A Developer's Guide to Data Modeling for SQL Server: Covering SQL Server 2005 and 2008

A Developer's Guide to Data Modeling for SQL Server: Covering SQL Server 2005 and 2008 by Eric Johnson

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As database professionals, we are frequently asked to come into existing environments and “fix” existing databases. This is usually because of performance problems that application developers and users have uncovered over the lifetime of a given application. Inevitably, the expectation is that we can work some magic database voodoo and the performance problems will go away. Unfortunately, as most of you already know, the problem often lies within the design of the database. We often spend hours in meetings trying to justify the cost of redesigning an entire database in order to support the actual requirements of the application as well as the performance needs of the business. We often find ourselves tempering good design with real-world problems such as budget, resources, and business needs that simply don’t allow for the time needed to completely resolve all the issues in a poorly designed database.

What happens when you find yourself in the position of having to redesign an existing database or, better yet, having to design a new database from the ground up? You know there are rules to follow, along with best practices that can help guide you to a scalable, functional design. If you follow these rules you won’t leave database developers and DBAs cursing your name three years from now (well, no more than necessary). Additionally, with the advent of enterprise-level relational database management systems, it’s equally important to understand the ins and outs of the database platform your design will be implemented on.

There were two reasons we decided to write this book, a reference for everyone out there who needs to design or rework a data model that will eventually sit on Microsoft SQL Server. First, even though there are dozens of great books that cover relational database design from top to bottom, and dozens of books on how to performance-tune and write T-SQL for SQL Server, there wasn’t anything to help a developer or designer cover the process from beginning to end with the right mix of theory and practical experience. Second, we’d seen literally hundreds of poorly designed databases left behind by people who had neither the background in database theory nor the experience with SQL Server to design an effective data model. Sometimes, those databases were well designed for the technology they were implemented on; then they were simply copied and pasted (for lack of a more accurate term) onto SQL Server, often with disastrous results. We thought that a book that discussed design for SQL Server would be helpful for those people redesigning an existing database to be migrated from another platform to SQL Server.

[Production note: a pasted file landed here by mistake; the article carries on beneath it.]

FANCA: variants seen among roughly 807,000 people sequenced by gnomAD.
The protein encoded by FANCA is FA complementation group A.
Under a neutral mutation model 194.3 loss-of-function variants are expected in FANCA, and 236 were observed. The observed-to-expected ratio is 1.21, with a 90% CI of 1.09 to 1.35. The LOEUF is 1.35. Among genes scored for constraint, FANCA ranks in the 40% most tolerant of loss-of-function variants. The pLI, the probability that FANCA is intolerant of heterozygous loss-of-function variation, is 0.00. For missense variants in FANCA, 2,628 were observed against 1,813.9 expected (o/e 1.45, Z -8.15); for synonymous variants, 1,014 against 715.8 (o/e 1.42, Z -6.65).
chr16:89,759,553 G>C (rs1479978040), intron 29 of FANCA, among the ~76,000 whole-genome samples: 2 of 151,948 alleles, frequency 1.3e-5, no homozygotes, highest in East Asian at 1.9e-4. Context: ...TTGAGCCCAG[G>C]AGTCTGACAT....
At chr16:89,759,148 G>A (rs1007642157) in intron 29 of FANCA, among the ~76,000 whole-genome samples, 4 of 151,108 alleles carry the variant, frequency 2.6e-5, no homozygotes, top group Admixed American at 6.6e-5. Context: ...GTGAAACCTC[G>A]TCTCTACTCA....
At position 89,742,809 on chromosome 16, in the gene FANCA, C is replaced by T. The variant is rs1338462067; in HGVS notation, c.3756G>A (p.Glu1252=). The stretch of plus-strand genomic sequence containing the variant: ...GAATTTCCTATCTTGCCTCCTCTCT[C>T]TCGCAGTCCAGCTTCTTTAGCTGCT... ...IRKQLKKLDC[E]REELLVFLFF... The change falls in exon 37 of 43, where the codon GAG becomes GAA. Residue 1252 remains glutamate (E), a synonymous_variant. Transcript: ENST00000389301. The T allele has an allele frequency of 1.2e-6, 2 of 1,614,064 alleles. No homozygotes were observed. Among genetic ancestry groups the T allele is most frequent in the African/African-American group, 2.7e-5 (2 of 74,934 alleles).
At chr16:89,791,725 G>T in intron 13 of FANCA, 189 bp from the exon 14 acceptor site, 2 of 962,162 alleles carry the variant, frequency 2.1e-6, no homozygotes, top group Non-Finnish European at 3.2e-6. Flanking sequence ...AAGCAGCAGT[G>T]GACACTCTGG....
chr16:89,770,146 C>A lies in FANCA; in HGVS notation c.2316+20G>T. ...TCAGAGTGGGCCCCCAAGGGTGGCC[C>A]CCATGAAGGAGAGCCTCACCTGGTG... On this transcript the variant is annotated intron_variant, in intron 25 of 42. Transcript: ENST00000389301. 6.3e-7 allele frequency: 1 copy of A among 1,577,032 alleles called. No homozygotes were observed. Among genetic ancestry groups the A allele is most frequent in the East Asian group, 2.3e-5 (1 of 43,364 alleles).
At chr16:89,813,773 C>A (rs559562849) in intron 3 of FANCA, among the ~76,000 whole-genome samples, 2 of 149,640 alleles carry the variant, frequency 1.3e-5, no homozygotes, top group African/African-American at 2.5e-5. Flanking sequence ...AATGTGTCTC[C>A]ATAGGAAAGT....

We’ve all read that software design, and relational database design in particular, should be platform agnostic. We do not necessarily disagree with that outlook. However, it is important to understand which RDBMS will be hosting your design, because that can affect the capabilities you can plan for and the weaknesses you may need to account for in your design. Additionally, with the introduction of SQL Server 2005, Microsoft has implemented quite a bit of technology that extends the capabilities of SQL Server beyond simple database hosting. Although we don’t cover every piece of extended functionality (otherwise, you would need a crane to carry this book), we reference it where appropriate to give you the opportunity to learn how this functionality can help you.

Within the pages of this book, we hope you’ll find everything you need to help you through the entire design and development process—everything from talking to users, designing use cases, and developing your data model to implementing that model and ensuring it has solid performance characteristics. When possible, we’ve provided examples that we hope will be useful and applicable to you in one way or another. After spending hours developing the background and requirements for our fictitious company, we have been thinking about starting our own music business. And let’s face it—reading line after line of text about the various uses for a varchar data type can’t always be thrilling, so we’ve tried to add some anecdotes, a few jokes, and even a paraphrased movie quote or two to keep it lively.

Writing this book has also been an adventure for both of us, in learning how the publishing process works, learning the finer details of writing for a mass audience, and learning that even though we are our own worst critics, it’s hard to hear criticism from your friends, even if they’re right; but you’re always glad that they are.



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